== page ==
It seems as if this is not Birnbaum’s fault, for Kawashima had a tendency to embellish (if not outright lie) about some of her experiences. Additionally, Birnbaum is sorting though what appears to be self serving history on both the Japanese and Chinese sides. It is to Birnbaum’s credit that while she does deal with the trauma and pain of Kawashima’s life, she doesn’t let her sympathy for her subject overwhelm the narrative or her judgment. Sympathetic the book is, but Birnbaum does not paint Kaswashima as a victim or at least as solely as a victim. At times, it seems as Birnbaum finds her subject as annoying as those who actually knew the woman.
It is difficult if not impossible to psycho analyze a dead person, and Birnbaum does stay away from the temptation to do so. Therefore when she discusses the possible sexual abuse of Kawashima at the hands of her adopted father/guardian, Birnbaum cannot and does not provide a definition answer. Birnbaum is on surer ground when discussing and examining how being a product of two cultures, distrustful if not always downright antagonistic too each other, affected Kawashima, resulting in her dissatisfaction of both and an admitted feeling of not quite belonging (another possible reason for the cross dressing, one does have to wonder).
The inclusion of Hiro Saga, a Japanese woman who married the brother of the Chinese Emperor, is both a positive and a negative to the book. It provides balance by showing a woman whose circumstances is alike but slightly different from Kawashima’s. It allows the reader to place Kawashima’s experiences in a boarder and more cultural light. It also, however, at times, feels a bit like padding. Interesting padding, though one wonders why Hiro Saga simply doesn’t get her own book. (Don’t worry, she does. She at least wrote and published her autobiography).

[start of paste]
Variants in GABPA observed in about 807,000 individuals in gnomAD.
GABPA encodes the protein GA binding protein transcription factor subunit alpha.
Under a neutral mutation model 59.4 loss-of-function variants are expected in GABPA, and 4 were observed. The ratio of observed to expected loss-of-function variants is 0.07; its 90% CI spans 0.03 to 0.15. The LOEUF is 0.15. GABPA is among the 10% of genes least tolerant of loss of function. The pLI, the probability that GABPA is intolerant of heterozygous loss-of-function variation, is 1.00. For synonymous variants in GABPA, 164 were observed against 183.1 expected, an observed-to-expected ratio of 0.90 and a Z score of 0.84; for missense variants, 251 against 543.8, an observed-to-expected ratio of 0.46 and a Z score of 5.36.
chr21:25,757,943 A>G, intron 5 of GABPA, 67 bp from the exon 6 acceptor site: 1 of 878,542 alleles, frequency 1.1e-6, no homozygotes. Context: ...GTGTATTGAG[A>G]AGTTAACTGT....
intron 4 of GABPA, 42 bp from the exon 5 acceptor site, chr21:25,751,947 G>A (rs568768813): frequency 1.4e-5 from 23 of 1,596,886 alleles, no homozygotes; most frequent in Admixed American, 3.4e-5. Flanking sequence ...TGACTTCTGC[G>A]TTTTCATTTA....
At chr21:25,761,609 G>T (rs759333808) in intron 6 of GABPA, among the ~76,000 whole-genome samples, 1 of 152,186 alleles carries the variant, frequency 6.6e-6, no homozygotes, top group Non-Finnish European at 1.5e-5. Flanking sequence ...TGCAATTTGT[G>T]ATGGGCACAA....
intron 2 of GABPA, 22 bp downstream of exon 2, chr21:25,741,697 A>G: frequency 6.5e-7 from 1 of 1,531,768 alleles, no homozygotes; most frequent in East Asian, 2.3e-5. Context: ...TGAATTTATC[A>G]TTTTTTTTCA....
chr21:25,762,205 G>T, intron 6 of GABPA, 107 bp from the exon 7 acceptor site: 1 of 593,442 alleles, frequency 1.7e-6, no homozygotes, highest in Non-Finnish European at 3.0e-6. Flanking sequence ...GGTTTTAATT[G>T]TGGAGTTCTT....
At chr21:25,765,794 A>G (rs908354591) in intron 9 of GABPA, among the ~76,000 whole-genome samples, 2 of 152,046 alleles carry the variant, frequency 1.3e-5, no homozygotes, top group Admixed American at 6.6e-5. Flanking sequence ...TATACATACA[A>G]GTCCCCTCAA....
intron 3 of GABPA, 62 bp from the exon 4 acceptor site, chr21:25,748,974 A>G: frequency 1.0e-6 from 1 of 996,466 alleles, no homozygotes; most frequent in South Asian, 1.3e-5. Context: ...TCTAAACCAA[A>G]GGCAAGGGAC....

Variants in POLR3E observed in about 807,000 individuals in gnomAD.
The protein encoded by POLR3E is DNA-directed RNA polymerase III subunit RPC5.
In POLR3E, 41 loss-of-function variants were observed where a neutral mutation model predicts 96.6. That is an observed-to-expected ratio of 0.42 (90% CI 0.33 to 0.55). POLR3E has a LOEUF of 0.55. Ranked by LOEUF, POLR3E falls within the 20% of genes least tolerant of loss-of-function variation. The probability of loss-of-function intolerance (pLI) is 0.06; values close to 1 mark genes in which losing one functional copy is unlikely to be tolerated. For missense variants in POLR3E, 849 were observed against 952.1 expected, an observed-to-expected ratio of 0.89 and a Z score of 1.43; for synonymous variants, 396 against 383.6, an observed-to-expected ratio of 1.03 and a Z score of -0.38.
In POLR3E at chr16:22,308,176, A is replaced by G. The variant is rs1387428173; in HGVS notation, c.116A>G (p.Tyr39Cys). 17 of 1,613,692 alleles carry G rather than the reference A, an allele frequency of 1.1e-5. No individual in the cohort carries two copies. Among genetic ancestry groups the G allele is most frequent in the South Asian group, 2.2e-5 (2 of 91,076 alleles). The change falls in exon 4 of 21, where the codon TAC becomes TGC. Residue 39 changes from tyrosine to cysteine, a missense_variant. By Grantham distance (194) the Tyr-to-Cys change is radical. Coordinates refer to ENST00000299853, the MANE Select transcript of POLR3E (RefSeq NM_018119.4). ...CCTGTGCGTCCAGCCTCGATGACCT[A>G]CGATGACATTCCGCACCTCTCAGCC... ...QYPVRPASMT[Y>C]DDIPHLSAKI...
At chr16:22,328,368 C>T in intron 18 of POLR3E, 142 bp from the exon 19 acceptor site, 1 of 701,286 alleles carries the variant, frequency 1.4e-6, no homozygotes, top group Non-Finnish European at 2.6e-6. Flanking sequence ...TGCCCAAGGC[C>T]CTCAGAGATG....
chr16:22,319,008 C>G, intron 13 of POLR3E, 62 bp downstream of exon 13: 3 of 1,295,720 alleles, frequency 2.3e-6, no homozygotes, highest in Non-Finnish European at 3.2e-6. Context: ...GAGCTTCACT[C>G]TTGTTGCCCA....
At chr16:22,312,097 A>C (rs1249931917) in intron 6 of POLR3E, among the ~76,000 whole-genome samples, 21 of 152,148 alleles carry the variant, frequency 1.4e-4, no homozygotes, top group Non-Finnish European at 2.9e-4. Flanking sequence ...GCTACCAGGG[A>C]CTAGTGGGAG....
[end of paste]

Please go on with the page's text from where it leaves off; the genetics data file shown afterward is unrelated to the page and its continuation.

The other flaw, if flaw is the right word, is at times a more than passing knowledge of the battles fought as Japan attacked China would have been helpful. My understanding and knowledge of the Pacific Theatre, in particular the battles on mainland China, are rather limited, a bit more detail about certain battles and maneuvers would have been appreciated. That said, it doesn’t limit the understanding of the text and sparks curiosity about the subject matter. Not a bad thing.
Hopefully Birnbaum’s book will make the story of Kawashima more widely known in the West as well as the East. ...more
Maybe not. I would have thought you would have been more snarky. This little kindle book outlines whatLinda Hilton, did you write this? Is this you?
Maybe not. I would have thought you would have been more snarky. This little kindle book outlines what Kindle independent authors need to do to please readers. In other words, how they need to do their job. It is somewhat humorous but far more serious in nature. ...more
This would make a good movie or mini series. It is a thrilling mystery set in London. For some reason, however, it feels a little too long. Perhaps beThis would make a good movie or mini series. It is a thrilling mystery set in London. For some reason, however, it feels a little too long. Perhaps because all the women are uninteresting crones or sex objects....more